Can The Fed Really Cause A Stock Crash As Trump Claims?

President Donald Trump has zeroed in on the Federal Reserve’s interest rate increases as the main reason for yesterday’s nosedive in stock prices.

“It’s a correction that I think is caused by the Fed and interest rates,” Trump told reporters. “The dollar is very strong, very powerful and it causes difficulty in doing business.” During a telephone conversation with Fox News later, the President said the Fed was “going loco” and that he was not happy about it. According to Trump, the Fed's interest rate increases this year have been “far too fast, far too rigid”. 

The Fed controls the levers of the U.S. economy by making policy, so it makes sense that traders would be fearful when the President criticizes the central bank. But history and precedent tell us that the Fed’s ability to cause a sudden stock market crash may actually be limited.

Can Fed Policy Cause Sudden Stock Market Crashes? 

The Federal Reserve’s policymaking has an indirect effect on markets and the economy. An increase in interest rates makes debt more expensive, while a corresponding decrease can make it cheaper. But the effects of changes in interest rates are not immediate and take time to ripple through the broader economy.

For example, some experts say that the roots of the 2008 financial crisis date back to 2000, when the federal agency began slashing interest rates. Low interest rates fueled a housing boom until 2005, when the agency began a policy of rate increases to temper growth in an overheated economy. (See also: The 2007-2008 Financial Crisis In Review).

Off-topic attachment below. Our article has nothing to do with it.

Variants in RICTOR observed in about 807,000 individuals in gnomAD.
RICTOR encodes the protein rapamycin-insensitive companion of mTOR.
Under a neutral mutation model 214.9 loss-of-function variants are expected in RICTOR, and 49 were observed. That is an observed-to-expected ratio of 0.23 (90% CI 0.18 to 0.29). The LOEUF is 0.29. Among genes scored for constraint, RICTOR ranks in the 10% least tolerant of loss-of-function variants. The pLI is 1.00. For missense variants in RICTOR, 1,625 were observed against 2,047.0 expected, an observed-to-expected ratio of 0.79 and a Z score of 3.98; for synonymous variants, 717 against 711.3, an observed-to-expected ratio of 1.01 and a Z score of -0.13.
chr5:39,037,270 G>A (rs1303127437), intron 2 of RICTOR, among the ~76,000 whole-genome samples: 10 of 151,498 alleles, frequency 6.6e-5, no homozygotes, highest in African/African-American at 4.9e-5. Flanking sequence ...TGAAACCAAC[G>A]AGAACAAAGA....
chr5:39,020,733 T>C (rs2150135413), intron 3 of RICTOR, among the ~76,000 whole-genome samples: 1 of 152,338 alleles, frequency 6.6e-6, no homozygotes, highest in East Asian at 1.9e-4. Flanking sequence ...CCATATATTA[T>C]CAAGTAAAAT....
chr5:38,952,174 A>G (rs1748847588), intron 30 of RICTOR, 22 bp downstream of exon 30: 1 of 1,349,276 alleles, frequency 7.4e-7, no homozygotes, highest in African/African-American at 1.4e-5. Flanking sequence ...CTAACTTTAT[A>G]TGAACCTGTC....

You would expect that damping down economic growth would draw a negative reaction from U.S. markets because it signals an impending economic contraction. But markets at the time reacted positively to the rate increases and continued to push upwards, reaching even higher valuations as the agency doubled down on rate increases. When the markets did finally crash in 2008, the catalyst was not a further decline in Fed rates but the fall of investment bank Bear Stearns. (See also: Dissecting The Bear Stearns Hedge Fund Collapse).      

What Happened Yesterday? 

On the back of historically-low unemployment rates, a humming economy, and a record bull market, the Fed has already hiked interest rates three times this year. Coupled with those hikes is an aggressive stance indicating that the federal agency might not be averse to further rate increases in the future. 

During a PBS interview last week, Fed Chair Jerome Powell said accommodative interest rates, or low rates to encourage economic growth, were no longer needed. “Interest rates are still accommodative but we are gradually moving to a place where they will be neutral,” he said, adding that the US economy was a “long way from neutral (interest rates) at this point, probably.”

A neutral rate enables economic growth without the risk of significant inflation. The rate is an estimate and its calculation depends on a host of factors, including inflation and the state of the global economy. The Fed's current rate is 2.25 percent and commentators expect the agency to increase it to 3.4 percent. 

Experts from JP Morgan Chase International have publicly backed the Fed’s moves. “The Fed has not gone crazy. The Fed policy of normalization is exactly the appropriate one,” said Chair Jacob Frenkel.

Steven Mnuchin, Treasury secretary, echoed that sentiment, referring to yesterday's stock market crash as a “correction”. “The fundamentals of the U.S. economy continue to be strong," he said. "I think that’s the reason the stock market continues to perform well…The fact that there’s a market correction is not particularly surprising."